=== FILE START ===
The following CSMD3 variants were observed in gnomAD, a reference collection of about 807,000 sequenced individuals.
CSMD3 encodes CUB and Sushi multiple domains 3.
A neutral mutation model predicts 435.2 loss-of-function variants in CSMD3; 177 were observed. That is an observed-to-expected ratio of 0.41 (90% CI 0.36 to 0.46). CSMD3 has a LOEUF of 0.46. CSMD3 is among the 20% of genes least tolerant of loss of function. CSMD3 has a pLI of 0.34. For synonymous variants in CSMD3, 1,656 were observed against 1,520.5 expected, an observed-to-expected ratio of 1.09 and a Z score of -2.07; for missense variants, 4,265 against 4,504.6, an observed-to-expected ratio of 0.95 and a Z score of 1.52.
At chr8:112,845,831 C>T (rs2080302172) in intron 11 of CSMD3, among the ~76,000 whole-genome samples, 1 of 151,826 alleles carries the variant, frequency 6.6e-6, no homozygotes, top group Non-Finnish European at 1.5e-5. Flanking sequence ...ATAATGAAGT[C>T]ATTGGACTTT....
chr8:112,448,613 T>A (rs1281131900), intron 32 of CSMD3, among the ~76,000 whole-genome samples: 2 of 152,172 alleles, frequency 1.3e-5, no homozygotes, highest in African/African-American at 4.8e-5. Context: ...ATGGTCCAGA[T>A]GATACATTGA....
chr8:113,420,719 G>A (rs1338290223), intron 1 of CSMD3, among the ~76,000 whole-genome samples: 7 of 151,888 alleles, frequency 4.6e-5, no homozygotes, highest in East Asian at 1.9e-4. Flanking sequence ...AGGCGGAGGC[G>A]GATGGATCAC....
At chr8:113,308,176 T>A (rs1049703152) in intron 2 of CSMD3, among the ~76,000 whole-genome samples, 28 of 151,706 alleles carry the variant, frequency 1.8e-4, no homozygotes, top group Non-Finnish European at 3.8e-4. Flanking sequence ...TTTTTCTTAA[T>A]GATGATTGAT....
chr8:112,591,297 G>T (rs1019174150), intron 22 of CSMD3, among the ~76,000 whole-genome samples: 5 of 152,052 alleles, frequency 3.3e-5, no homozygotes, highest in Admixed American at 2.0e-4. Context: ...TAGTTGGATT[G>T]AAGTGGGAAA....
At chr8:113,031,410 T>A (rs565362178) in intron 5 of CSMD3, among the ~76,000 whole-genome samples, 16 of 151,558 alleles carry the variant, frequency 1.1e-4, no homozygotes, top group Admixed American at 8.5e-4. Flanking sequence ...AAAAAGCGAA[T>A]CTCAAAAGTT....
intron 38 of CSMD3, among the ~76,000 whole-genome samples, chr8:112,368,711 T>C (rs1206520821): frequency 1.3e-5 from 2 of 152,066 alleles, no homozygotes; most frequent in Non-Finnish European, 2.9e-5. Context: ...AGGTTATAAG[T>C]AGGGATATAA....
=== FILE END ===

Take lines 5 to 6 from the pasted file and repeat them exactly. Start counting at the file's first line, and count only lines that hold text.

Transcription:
chr8:112,448,613 T>A (rs1281131900), intron 32 of CSMD3, among the ~76,000 whole-genome samples: 2 of 152,172 alleles, frequency 1.3e-5, no homozygotes, highest in African/African-American at 4.8e-5. Context: ...ATGGTCCAGA[T>A]GATACATTGA....
chr8:113,420,719 G>A (rs1338290223), intron 1 of CSMD3, among the ~76,000 whole-genome samples: 7 of 151,888 alleles, frequency 4.6e-5, no homozygotes, highest in East Asian at 1.9e-4. Flanking sequence ...AGGCGGAGGC[G>A]GATGGATCAC....